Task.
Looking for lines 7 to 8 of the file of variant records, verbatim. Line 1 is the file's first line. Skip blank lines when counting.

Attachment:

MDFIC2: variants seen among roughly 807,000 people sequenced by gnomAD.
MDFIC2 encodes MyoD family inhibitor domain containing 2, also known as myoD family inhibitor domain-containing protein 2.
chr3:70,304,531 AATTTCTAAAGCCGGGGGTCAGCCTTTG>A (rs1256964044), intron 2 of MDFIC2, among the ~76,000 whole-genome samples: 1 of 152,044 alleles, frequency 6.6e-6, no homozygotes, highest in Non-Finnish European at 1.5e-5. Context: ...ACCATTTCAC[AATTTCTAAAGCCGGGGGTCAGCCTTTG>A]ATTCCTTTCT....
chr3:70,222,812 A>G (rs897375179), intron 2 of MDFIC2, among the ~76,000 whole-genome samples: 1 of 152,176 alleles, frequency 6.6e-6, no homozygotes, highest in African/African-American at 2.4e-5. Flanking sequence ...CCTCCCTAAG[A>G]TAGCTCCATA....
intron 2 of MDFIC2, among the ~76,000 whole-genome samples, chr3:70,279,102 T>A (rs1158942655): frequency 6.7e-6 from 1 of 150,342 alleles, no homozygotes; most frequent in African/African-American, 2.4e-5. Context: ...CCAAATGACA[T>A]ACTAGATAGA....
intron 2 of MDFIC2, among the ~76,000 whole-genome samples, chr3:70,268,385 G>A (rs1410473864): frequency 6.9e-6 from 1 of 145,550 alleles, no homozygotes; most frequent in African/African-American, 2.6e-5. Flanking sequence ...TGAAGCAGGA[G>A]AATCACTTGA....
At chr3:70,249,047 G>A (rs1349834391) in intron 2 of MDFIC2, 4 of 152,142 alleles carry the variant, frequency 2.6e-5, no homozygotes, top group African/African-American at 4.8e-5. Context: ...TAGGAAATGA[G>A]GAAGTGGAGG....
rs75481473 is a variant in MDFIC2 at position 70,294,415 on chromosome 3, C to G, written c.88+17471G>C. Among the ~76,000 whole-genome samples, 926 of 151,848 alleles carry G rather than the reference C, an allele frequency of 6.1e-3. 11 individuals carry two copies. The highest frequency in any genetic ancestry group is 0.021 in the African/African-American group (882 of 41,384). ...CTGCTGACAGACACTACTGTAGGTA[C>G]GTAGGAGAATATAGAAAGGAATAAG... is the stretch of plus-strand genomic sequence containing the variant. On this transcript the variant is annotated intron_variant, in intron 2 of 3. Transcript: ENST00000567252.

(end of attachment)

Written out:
At chr3:70,249,047 G>A (rs1349834391) in intron 2 of MDFIC2, 4 of 152,142 alleles carry the variant, frequency 2.6e-5, no homozygotes, top group African/African-American at 4.8e-5. Context: ...TAGGAAATGA[G>A]GAAGTGGAGG....
rs75481473 is a variant in MDFIC2 at position 70,294,415 on chromosome 3, C to G, written c.88+17471G>C. Among the ~76,000 whole-genome samples, 926 of 151,848 alleles carry G rather than the reference C, an allele frequency of 6.1e-3. 11 individuals carry two copies. The highest frequency in any genetic ancestry group is 0.021 in the African/African-American group (882 of 41,384). ...CTGCTGACAGACACTACTGTAGGTA[C>G]GTAGGAGAATATAGAAAGGAATAAG... is the stretch of plus-strand genomic sequence containing the variant. On this transcript the variant is annotated intron_variant, in intron 2 of 3. Transcript: ENST00000567252.